Recipients of gel implants mixed on FDA's action

January 07, 1992|By Jonathan Bor

Lucille Bodke of Glen Burnie blames her stiff joints, "rock-hard" breasts and inability to stretch without searing pain to leakage of the silicone breast implants she received 13 years ago after having both breasts removed due to a cyst disorder.

The 58-year-old woman has nothing good to say about the implants. But she declared yesterday "one of the greatest days" of her life after hearing that FDA Commissioner David Kessler had asked plastic surgeons to stop inserting the gel implants until he could resolve concerns about their safety.

"To me, today is the greatest day since Maryland passed a law requiring doctors to give information to patients about the risks of silicone implants," Mrs. Bodke said. That law took effect in 1988.

But in Arnold, 30-year-old Mary Romano called the commissioner's decision "an overreaction," saying the implant she received last year after losing a breast to cancer has brought her nothing but satisfaction.

"I've been thrilled," said Mrs. Romano, 30. "I had no idea how happy I'd be. It's comfortable, it's attractive, it's so real life and so convenient. I used to stand in my closet for 20 minutes every morning deciding what to wear and how to wear it. Now I can wear anything."

As for risks, she had this to say: "People are allowed to smoke cigarettes in this country, and the risks [of silicone implants] aren't nearly as great."

Before yesterday's announcement, participants in one of the most heated medical debates in years could agree on one thing: Whatever Dr. Kessler decided, the controversy would not die. They were right.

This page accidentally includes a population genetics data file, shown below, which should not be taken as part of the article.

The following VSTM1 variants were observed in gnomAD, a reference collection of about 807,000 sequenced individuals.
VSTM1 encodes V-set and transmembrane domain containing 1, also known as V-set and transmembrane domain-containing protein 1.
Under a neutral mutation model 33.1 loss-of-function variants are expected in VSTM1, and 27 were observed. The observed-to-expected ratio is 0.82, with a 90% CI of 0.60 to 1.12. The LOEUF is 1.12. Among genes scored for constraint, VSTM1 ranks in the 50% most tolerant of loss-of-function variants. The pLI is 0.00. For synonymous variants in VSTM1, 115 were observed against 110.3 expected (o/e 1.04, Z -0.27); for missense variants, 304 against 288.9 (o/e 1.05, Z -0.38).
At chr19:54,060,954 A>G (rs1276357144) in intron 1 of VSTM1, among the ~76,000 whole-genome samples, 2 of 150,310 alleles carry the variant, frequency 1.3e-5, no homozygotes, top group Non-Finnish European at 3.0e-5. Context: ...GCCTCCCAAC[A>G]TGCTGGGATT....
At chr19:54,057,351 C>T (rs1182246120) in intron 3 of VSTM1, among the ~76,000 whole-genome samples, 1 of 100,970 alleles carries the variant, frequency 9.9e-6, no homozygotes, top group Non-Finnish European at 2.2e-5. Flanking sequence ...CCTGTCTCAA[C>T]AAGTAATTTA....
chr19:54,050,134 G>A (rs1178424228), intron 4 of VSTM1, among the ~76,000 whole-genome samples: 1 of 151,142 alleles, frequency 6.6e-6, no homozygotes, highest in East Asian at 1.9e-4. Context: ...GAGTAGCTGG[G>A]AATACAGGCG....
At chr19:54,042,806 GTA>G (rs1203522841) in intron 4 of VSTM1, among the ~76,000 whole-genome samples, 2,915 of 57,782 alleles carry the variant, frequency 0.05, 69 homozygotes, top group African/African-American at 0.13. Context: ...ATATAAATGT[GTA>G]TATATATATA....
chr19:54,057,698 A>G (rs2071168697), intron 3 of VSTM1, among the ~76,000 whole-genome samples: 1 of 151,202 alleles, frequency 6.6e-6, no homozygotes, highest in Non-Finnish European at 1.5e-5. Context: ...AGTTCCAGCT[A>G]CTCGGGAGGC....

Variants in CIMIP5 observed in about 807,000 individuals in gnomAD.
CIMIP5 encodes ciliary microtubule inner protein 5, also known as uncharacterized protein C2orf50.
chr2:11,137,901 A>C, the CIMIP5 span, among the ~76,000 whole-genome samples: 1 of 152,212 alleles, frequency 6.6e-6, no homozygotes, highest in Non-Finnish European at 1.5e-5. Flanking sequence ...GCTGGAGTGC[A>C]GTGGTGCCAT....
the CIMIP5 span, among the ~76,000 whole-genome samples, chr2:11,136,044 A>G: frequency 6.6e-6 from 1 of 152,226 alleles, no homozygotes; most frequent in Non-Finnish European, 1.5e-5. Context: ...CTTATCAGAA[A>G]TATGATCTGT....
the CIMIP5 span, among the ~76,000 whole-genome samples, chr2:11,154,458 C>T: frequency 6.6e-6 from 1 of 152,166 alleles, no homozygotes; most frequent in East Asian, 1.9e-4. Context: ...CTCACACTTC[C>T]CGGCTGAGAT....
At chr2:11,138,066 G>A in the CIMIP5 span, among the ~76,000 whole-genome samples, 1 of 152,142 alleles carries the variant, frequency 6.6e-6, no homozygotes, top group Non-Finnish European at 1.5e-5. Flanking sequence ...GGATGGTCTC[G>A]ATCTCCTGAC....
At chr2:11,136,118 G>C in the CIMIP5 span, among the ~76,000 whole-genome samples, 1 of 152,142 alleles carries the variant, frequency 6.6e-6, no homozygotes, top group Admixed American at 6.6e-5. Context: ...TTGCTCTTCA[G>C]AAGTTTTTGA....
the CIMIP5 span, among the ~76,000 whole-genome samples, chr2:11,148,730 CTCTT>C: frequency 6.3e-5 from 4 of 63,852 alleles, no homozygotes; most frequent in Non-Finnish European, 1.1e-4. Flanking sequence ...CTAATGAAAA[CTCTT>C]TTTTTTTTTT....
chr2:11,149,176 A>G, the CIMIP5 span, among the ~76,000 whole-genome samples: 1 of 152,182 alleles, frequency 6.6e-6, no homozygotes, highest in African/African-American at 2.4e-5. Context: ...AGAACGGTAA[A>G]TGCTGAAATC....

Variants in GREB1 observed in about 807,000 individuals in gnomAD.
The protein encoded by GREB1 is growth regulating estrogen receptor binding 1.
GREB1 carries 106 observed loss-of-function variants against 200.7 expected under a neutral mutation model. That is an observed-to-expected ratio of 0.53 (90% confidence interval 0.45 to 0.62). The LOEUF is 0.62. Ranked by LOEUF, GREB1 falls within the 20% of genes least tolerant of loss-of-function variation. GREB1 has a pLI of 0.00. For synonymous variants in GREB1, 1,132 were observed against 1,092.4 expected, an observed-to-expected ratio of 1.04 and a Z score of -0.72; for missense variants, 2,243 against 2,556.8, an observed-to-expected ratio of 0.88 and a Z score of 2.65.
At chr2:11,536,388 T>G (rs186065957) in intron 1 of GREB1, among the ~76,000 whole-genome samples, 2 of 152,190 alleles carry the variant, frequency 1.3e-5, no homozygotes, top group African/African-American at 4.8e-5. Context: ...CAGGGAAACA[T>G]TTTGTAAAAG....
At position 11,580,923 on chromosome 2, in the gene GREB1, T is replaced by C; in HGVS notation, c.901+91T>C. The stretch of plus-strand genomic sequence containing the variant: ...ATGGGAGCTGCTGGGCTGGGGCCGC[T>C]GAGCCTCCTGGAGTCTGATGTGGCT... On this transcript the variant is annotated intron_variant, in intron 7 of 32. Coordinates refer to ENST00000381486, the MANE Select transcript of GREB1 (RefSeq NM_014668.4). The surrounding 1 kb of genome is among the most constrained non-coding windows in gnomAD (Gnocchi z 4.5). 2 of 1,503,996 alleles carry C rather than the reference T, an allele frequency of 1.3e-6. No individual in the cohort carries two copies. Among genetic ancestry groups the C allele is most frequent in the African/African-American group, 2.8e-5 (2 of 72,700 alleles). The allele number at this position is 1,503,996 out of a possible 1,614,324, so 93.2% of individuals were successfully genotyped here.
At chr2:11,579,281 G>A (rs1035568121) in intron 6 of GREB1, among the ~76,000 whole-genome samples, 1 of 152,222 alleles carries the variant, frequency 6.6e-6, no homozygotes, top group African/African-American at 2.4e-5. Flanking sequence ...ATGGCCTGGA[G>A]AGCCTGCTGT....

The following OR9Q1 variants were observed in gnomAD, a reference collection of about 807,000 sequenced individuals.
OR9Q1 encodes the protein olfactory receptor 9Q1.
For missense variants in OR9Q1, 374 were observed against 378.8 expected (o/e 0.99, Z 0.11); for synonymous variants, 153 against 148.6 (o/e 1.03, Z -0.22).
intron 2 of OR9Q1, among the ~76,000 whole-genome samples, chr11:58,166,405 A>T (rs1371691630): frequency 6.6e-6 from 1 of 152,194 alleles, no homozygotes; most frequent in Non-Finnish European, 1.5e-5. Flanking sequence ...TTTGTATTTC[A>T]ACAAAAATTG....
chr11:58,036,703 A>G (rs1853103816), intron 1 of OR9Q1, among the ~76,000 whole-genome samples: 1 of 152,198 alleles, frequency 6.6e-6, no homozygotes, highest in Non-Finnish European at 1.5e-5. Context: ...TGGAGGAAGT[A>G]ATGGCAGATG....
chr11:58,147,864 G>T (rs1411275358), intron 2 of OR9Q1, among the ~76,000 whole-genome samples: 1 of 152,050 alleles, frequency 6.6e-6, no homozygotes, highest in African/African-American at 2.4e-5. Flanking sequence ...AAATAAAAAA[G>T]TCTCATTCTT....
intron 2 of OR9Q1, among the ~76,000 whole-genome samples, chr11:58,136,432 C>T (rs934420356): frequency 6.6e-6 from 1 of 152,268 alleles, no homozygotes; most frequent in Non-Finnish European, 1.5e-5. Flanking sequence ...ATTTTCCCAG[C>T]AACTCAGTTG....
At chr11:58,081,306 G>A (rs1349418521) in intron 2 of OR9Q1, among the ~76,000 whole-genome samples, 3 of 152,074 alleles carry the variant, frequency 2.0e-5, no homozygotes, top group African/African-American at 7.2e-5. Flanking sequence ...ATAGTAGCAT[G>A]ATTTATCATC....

Not surprisingly, women who believe their implants have caused them medical hardships applauded the commissioner's decision, while those who have enjoyed good health and like the cosmetic results criticized him for overreacting.

Most plastic surgeons voiced disappointment, but said alternatives such as the saline implant will leave women wanting augmentation or reconstructive surgery with a cosmetically appealing option.

Dr. Norman Anderson, a Johns Hopkins physician who sat on the expert panel that advised Dr. Kessler, applauded the decision.

Last November, he joined the panel in recommending that Dr. Kessler leave the gel implants on the market pending further review of their safety. But on Dec. 12, he told Dr. Kessler in a letter that the implants should be removed from the public marketplace because documents produced in four lawsuits against the Dow Corning Corp. had raised questions of scientific fraud.

"There is additional information that has not been covered to this point by the press that requires further investigation," he said yesterday, refusing to provide details. "It deals with scientific fraud and other important concerns."

Dr. Anderson said he believes the implants should remain available only to women taking part in a clinical trial aimed at judging the implants' safety once and for all.

His greatest concern is what happens when the implants rupture or leak into the surrounding tissues.

"There's no doubt in my mind that I've seen patients where the silicone has migrated through the armpit to the elbow, trapping the arteries and nerves and placing the patient at enormous risk of impaired use of the extremities," he said.

But Dr. Bernard McGiven, chief of plastic surgery at the Greater Baltimore Medical Center, said he was "bitterly disappointed" in the FDA action, insisting he has used silicone implants since 1977 without ever observing serious side effects.

He said the breast sometimes harden due to the natural scarring that takes place after implant surgery -- a response that can be prevented or minimized with daily exercise.

But he said there was no proof that implants caused the serious problems, including the immune disorders claimed by Ms. Hopkins and other plaintiffs.

Dr. James Paskert, a Cockeysville plastic surgeon, said he stopped using the gel implants last year because he wanted to spare women the worry many would feel in the emotionally charged atmosphere of the FDA debate.

"But I don't have any feelings that it's harmful in causing autoimmune problems," he said.

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